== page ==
York Region Arborist
For most of us, trees are pleasant things that provide shade in the summer, have beautiful foliage in the fall, and cause extra yard work when they shed their leaves. We know they get their energy from sunlight and absorb carbon dioxide. However, there is more to these gentle giants that make them amazing life forms, as these four fascinating facts reveal:
- Old trees grow faster than young trees. Unlike most animals, which do their growing early in life and then stop, trees do the reverse. The older they get, the faster they grow. Although trees eventually stop growing taller, their trunks and branches continue growing wider. This accelerated growth also means they're pulling carbon dioxide out of the atmosphere at an accelerated rate. This is a strong argument for preserving old trees.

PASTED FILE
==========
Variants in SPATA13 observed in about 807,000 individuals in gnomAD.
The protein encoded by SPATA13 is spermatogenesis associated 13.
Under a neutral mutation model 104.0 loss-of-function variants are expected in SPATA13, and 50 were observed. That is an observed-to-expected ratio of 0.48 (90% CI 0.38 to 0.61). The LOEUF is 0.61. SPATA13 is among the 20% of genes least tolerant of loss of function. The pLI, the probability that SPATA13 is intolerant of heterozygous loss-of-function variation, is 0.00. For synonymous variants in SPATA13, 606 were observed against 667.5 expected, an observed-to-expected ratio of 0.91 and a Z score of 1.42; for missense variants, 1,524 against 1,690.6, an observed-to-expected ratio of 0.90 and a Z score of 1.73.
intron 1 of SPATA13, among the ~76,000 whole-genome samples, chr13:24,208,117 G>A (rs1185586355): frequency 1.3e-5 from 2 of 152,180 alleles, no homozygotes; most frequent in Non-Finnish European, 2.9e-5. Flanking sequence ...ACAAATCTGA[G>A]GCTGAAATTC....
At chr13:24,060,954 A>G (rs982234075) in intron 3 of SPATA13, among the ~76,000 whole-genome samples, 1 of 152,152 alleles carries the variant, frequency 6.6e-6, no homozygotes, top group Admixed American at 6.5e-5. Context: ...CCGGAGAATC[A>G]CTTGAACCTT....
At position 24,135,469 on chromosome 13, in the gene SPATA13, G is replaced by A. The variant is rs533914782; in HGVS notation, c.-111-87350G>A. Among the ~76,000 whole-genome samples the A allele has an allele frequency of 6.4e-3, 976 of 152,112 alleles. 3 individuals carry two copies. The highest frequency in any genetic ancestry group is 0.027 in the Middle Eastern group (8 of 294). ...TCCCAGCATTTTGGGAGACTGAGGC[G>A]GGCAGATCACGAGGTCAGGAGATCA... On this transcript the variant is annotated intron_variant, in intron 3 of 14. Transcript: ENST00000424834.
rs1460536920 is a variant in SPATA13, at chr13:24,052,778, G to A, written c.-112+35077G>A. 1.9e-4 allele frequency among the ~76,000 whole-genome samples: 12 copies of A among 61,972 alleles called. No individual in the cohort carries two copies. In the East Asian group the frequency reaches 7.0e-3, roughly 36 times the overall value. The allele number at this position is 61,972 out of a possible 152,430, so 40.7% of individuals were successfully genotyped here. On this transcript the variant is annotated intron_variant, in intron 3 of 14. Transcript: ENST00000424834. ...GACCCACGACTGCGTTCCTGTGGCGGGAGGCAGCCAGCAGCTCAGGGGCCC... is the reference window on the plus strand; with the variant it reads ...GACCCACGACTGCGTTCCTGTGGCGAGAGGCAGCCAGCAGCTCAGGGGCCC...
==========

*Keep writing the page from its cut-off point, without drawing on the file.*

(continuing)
- Most of a tree's bulk comes from water and air. With energy provided by the sun, trees break apart carbon from carbon dioxide and recombine it with water to form the cellulose that makes up its wood. About 90% of their "food" comes from the atmosphere while the rest come from the soil.
- Some trees communicate with each other. For example, when insects attack willows and poplars, the trees produce more of certain types of chemicals in their leaves that make them less edible. They also emit chemicals that trigger surrounding trees to produce less edible leaves.
- Most of the bulk of a tree is dead. For most trees, only about one percent of it is alive. The living parts are the root tips, leaves, and a thin layer just under the bark called the phloem, which consists of vascular tissue that transports moisture, sugars, and other metabolic substances.